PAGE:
(image Christine and the Queens)
Nobody doubts that perfume is both art and business. It’s easy to write off all designer perfume as crap and to assume that artisinal perfumes are necessarily better than the mainstream, but both assumptions oversimplify. Otherwise how do you explain remarkable designer perfumes like le Feu d’Issey, Yohji Homme and Bvlgari Black or bad niche?
Looking closely at the models for conceiving, creating and selling perfumes can be revealing and close inspection finds unexpected precedents for some contemporary trends. The solo perfumer model gets a lot of attention. Dawn Spencer Hurwitz, Histoires de Parfums (Gérald Ghislain), Sonoma Scent Studios (Laurie Erickson), Parfumerie Générale (Pierre Guillaume) and many others helped to define an era of niche perfumery in the same way that Liz Moores, Antonio Gardoni and Bruno Fazzolari are reshaping it. The scale might be different, but is what they do so different from the early careers of Ernest Daltroff (Caron), François Coty or Paul Rosine (Parfums de Rosine)?
Designer and celebrity perfumes today are produced in a corporate model that isn’t vastly different from the production of any other fashion/’lifestyle’ accessories. They use demographic targeting and chase trends with focus groups. Early 20th century designer perfumes, though , reflect a perfumer/artistic director collaborative model. Edmond Roudnitska and Christian Dior, Ernest Beaux and Coco Chanel, Maurice Blanchet and Jacques Worth. Today the model has been reimagined outside of the fashion industry. Douglas Bender founded Charenton Maceration on the collaborative model. Les Nez is the product of the ongoing partnership of brand originator René Schifferle and Isabelle Doyen. Similarly, Neela Vermeire paired with nose Bertrand Duchaufour to create her eponymous line.
Duchaufour, Marc Buxton, Francis Kurkdjian and Sophia Grojsman all made ubiquitous, mass-produced perfumes as well as seminal niche perfumes. All have been accused of being the ‘hired guns’ of perfumery. Were Jean Carles (Miss Dior, Schiaparelli Shocking, Dana Tabu) Germaine Cellier (Balmain Jolie Madame, Robert Piguet Fracas, Nina Ricci Coeur Joie) or Jean-Claude Ellena (Sisley Eau de Campagne, Van Cleef and Arpels First, Cartier Declaration) any different?
Paris-based Neela Vermeire founded her perfume brand, Neela Vermeire Creations, in 2012 with three perfumes thematically based on historical/political Indian eras: Trayee, Mohur and Bombay Bling. The initial three perfumes as well as three more that followed were composed by Bertrand Duchaufour. A brand that targets the perfume connoisseur and commissions a celebrity perfumer with a lavish budget might seem like a shoo-in, but it also has a few hurdles to clear:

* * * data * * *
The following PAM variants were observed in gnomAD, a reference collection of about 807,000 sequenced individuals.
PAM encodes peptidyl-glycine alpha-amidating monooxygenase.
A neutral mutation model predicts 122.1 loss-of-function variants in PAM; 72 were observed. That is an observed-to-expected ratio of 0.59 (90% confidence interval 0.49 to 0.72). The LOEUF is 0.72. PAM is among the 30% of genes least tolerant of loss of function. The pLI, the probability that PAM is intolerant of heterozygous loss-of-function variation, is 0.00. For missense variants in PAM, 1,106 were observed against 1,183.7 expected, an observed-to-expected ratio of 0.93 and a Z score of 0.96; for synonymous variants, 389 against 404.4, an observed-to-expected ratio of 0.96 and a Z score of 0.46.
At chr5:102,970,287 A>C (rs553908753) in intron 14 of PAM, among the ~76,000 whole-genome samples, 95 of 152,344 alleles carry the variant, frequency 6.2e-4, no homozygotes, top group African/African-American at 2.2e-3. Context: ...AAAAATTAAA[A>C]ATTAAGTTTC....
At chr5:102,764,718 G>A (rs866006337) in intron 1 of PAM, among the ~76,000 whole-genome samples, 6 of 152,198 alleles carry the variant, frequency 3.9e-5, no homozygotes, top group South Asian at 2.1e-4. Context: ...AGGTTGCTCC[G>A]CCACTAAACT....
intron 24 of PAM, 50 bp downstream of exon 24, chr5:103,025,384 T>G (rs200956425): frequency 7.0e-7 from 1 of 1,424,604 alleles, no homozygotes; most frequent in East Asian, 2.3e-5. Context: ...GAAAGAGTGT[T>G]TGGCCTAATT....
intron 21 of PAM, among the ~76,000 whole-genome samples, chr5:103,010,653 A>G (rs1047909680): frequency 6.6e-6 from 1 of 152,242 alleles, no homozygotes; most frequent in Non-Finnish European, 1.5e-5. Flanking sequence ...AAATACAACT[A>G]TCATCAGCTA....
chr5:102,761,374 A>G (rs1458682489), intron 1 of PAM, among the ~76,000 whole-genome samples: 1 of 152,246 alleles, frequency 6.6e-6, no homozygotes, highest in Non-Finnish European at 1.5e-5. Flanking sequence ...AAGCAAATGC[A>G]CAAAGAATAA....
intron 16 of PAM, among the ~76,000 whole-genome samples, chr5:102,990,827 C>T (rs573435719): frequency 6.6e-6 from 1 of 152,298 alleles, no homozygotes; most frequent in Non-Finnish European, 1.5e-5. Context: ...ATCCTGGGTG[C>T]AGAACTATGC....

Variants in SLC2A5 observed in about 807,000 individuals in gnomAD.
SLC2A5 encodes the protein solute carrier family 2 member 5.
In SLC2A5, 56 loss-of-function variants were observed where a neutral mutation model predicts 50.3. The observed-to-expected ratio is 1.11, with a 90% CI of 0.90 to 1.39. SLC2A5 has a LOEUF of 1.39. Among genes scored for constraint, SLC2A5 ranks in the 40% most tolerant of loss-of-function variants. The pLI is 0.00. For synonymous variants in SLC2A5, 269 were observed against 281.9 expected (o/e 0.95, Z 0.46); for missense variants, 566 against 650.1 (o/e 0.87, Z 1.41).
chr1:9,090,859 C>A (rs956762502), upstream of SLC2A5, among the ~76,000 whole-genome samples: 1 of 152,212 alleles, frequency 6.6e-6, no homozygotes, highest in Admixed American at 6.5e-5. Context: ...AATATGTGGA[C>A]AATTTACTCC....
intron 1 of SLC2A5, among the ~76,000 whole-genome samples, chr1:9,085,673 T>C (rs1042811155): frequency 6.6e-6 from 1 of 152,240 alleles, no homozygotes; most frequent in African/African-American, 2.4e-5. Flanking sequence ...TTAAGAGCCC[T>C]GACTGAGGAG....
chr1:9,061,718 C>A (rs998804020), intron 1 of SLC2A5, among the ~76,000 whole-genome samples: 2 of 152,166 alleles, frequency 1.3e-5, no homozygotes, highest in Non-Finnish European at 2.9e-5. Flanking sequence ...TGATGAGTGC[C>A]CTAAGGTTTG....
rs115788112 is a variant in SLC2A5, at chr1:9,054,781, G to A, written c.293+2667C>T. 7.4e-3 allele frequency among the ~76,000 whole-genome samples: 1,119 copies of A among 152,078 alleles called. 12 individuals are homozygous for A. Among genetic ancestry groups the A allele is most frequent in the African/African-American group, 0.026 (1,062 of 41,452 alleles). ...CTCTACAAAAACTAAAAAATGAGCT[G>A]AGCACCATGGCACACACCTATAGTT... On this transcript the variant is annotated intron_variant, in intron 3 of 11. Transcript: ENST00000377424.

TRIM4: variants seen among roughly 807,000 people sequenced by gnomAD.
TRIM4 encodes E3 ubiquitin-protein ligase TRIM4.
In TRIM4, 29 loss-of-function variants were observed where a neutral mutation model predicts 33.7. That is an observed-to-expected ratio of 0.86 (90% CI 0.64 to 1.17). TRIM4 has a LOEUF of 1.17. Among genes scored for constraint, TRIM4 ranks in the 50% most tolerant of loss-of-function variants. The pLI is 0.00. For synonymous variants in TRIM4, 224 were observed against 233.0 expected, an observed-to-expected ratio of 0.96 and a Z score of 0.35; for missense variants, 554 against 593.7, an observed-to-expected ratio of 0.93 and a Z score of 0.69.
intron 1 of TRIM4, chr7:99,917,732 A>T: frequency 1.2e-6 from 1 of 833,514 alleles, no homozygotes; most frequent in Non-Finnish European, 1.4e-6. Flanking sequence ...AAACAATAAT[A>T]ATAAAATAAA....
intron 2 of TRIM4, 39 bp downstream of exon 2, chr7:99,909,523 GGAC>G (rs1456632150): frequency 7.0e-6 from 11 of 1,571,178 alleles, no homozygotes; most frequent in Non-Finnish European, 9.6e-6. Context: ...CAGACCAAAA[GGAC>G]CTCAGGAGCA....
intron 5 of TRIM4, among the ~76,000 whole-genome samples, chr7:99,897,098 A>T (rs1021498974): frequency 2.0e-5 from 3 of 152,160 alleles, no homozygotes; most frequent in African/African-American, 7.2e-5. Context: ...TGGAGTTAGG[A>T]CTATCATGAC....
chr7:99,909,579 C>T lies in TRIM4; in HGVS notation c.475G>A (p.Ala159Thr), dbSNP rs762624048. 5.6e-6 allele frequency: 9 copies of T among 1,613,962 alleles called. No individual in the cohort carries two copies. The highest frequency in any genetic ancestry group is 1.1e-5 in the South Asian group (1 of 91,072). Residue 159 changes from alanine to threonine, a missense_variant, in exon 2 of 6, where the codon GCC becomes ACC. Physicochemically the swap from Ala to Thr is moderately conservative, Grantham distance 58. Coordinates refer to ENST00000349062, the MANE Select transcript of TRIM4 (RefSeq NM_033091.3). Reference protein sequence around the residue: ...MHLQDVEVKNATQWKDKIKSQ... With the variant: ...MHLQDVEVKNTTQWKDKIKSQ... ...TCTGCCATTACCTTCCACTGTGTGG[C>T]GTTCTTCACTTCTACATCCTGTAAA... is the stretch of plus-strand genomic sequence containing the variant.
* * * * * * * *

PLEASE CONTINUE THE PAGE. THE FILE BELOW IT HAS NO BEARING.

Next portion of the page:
1) Ambitious scope. Topically covering Indian culture from the Vedic era to the present is a ballsy venture, but the modesty of the brand’s Facebook page is charming and undercuts the risk of overreach. “Mission–work with some talented perfumers and create high-quality fragrances. Description–More information soon.”
2) The orientalist trap. Duchaufour might have traveled to India, but he is firmly rooted in European perfumery, which has a sketchy history of exoticizing the ‘far east.’ He is also the perfumer who created the three perfumes for l’Artisan Parfumeur’s Travel Collection (Timbuktu, Dzongkha, Bois Farine) which I think of as The Tourist Collection. As an Indian ex-pat living in Europe, Vermeire has a hybrid perspective that allows her to juxtapose traditions. Can the passion and eloquence of Vermeiere’s intentions overcome potential risk of a European perfumer composing ‘travel sketches’?
3) Duchaufour’s prolific work. How does Duchaufour’s work for Neela Vermeire Creations distinguish itself from the work he has done for l’Artisan Parfumeur, Acqua di Parma, Comme des Garçons, Eau d’Italie, MDCI and Penhaligon’s? In the same period that he created the perfumes for Neela Vermeire Créations, he composed the entire lines of The Vagabond Prince, Ann Gerard and Aedes de Venustus as well as the six perfumes of the Historiae line based on the cultural history of France. (Does that concept sound familiar?)
As for Bombay Bling, I am of two minds. It is lavish without falling into the expected range of tones that are short-hand for opulence in niche perfumery. The experience of wearing it has more to do with pleasure than consideration, but the experience isn’t shallow in the least. It speaks more to desire than entertainment and though it could be categorized as a fruity-floral, it surpasses the expected performance of the genre with ease. Still, I am somewhat leery of Bombay Bling sharing a range of notes and compositional motifs that Duchaufour has visited previously. It uses the some of the woody/fruity/resinous vocabulary that I recognize from Duchaufour’s earlier perfumes for l’Artisan Parfumeur. Happily, there is a full-fleshed abundance that moves past the radiant sparsity of the earlier work. The evolution is elaborate and cohesive, further separating it from the watched-pot, minimal evolution of Duchaufour’s early millennial work.
Though I have reservations about Bombay Bling, I’m eager to try the rest of the line and will be interested to see where Vermeire’s vision takes her.